Fortune and glory, kid. Fortune and glory.
The balance between depth and approachability can be tough to walk in video games - especially ones that dip into the roguelike style. Pathway, a turn-based strategy game oozing with Indiana Jones inspiration, does a fantastic job at staying challenging and intricate while still just being a fun time. With fun procedurally generated adventures, a wide array of playable characters, and nigh infinite possibilities, this is an immensely enjoyable adventure that often feels like playing a great tabletop game.
The setup is that you’re traveling the world in the 1930s, chasing down Nazis and eventually a dastardly cult. You pick three characters from a roster of up to 16 (though most are unlocked at the start) and set out on one of five different campaigns. They tell a linear story, but the action can widely vary. Campaigns begin on an overworld map, where you and your crew drive a car from point to point, trying to reach the other end of the map. At each point, a procedurally generated event happens. Nothing of consequence could happen and you just move on. You could find empty ruins to explore that might have a nefarious secret or just have some cool treasure. Or you could wind up fighting some enemies in strategic turn-based combat. The characters all have different perks, like Daredevil, Engineer, or Survivalist, that can open up different options during your travels, which can lead to even more possible outcomes.
Outside of the choose-your-own-adventure map exploration, the combat is the bulk of the gameplay. The turn-based combat is serviceable, working best when you take your time plotting the optimal strategy to take out enemies while taking the least amount of damage. Each character has two actions per turn, typically a movement and an attack, but special abilities and healing are also options. Each character generally has a ranged and melee attack, but the exact weaponry they have can vary from shotguns to knives. This is where that balance between depth and approachability comes into play because mixing and matching trios that work well together can be very effective, but also the amount of options aren’t overwhelming so you can also feel out different characters without that much punishment.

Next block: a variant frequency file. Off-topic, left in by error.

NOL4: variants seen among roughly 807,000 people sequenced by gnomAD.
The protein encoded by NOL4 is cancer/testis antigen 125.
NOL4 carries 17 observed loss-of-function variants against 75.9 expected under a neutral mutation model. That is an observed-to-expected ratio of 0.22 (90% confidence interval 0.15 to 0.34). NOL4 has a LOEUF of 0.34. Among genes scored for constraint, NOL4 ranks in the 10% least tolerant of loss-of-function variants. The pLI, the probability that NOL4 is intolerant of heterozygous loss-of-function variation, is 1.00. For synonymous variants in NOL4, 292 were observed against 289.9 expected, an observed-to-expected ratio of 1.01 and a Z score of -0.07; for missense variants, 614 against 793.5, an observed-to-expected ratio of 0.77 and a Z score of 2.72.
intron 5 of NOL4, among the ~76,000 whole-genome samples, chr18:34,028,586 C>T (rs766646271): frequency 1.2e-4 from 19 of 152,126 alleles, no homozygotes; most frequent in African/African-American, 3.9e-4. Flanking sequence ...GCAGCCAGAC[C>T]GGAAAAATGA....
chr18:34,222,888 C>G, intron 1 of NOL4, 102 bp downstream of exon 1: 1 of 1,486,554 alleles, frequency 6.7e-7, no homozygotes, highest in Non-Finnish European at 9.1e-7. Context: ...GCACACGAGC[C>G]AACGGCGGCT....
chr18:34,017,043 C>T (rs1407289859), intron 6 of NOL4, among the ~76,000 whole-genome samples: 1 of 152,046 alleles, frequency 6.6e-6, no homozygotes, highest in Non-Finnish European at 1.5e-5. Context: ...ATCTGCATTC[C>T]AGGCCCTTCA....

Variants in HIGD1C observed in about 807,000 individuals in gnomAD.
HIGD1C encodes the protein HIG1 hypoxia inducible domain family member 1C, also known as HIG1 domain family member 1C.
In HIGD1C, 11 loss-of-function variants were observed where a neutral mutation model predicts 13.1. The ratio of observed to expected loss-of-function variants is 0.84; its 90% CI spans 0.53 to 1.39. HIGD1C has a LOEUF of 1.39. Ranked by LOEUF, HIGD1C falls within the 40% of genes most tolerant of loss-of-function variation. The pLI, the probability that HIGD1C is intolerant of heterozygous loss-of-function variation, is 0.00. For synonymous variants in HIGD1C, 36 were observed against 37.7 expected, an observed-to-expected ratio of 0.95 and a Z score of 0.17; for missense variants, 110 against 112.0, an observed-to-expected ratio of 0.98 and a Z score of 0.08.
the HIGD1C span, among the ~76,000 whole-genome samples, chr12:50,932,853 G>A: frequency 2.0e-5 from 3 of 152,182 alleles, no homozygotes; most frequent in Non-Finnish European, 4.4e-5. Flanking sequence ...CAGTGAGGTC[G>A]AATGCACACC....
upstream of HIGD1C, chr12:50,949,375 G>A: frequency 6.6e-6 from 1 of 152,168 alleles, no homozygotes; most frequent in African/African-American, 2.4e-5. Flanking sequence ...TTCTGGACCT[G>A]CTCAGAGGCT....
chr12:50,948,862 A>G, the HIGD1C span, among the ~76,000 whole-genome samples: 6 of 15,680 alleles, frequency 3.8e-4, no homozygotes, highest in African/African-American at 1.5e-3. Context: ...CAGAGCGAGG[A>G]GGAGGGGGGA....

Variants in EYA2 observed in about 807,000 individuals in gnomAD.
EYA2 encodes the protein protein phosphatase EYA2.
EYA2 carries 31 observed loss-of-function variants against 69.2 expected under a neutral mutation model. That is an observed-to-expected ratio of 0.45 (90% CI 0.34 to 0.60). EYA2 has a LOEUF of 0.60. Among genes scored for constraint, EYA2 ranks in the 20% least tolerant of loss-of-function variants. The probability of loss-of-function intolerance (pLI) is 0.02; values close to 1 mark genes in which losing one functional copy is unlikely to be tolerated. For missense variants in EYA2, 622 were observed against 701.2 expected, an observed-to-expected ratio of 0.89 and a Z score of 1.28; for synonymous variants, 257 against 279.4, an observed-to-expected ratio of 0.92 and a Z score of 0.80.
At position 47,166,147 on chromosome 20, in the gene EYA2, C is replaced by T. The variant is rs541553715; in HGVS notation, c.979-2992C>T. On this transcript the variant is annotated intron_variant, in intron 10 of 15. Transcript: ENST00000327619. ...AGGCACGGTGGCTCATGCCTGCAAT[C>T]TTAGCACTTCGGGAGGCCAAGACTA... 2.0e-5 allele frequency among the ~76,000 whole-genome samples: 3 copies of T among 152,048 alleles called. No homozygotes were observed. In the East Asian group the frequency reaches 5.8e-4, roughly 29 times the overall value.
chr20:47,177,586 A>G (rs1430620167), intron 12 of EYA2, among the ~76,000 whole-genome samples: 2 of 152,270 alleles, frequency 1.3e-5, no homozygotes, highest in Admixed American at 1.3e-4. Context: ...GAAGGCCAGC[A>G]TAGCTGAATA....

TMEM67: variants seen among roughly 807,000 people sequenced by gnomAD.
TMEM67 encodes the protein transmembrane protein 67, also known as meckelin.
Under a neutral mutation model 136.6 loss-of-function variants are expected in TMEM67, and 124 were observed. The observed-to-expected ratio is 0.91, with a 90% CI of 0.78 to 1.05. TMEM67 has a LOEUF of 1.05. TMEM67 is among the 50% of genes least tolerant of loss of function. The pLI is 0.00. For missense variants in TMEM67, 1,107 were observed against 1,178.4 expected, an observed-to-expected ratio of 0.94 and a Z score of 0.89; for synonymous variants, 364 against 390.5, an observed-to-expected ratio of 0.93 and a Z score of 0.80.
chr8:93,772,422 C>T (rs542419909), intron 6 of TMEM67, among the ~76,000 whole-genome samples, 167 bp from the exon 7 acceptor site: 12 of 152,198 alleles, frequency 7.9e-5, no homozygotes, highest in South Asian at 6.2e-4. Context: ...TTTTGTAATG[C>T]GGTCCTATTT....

Failing on a campaign, either by dying or running out of fuel in your car, is something that can happen regularly. That’s where the roguelike nature comes in. The writing is strong enough to stay interesting throughout repeat plays. Generally each campaign has a predetermined beginning and ending, but how you get to the ending can be different depending on what you interact with. Sometimes the events are chaotic, usually in a painful way but sometimes also positively. Death will try to come for you and if it does, the absolute worst thing that happens is you can’t play as the losing trio for a round. There is a lot of progression and carryover from campaign to campaign, as you get to keep your loot and any level ups your characters earn, even if they all die. It’s gentle in that capacity and the gentleness also extends to the difficulty, which can be customized in terms of the amount of enemies per battle and the amount of supplies you have access to.
Romping through these various adventures looks great as well thanks to the gorgeous pixel art. The soundtrack also feels extremely John Williams-inspired, doing a good job of capturing the spirit of Indiana Jones’ scores. What isn’t always great is the technical performance of Pathway on Switch. I had a handful of crashes during my time with the game and also had consistent lengthy loads that almost felt like the game crashed. These aren’t game-breaking issues, but it’s still worrisome to deal with those kinds of problems.
Pathway still overall does a great job of feeling like a procedurally generated Indiana Jones adventure, as you take a motley crew of 1930s adventurers on a quest to beat the crap out of Nazis and prevent cultists from unleashing doom. The variety of options, whether it’s the lengthy list of characters, possible events, or combat scenarios, help make this game a joy to play and even revisit. There might only be five campaigns, but the well-done procedural generation makes each run unique enough to warrant a repeat viewing.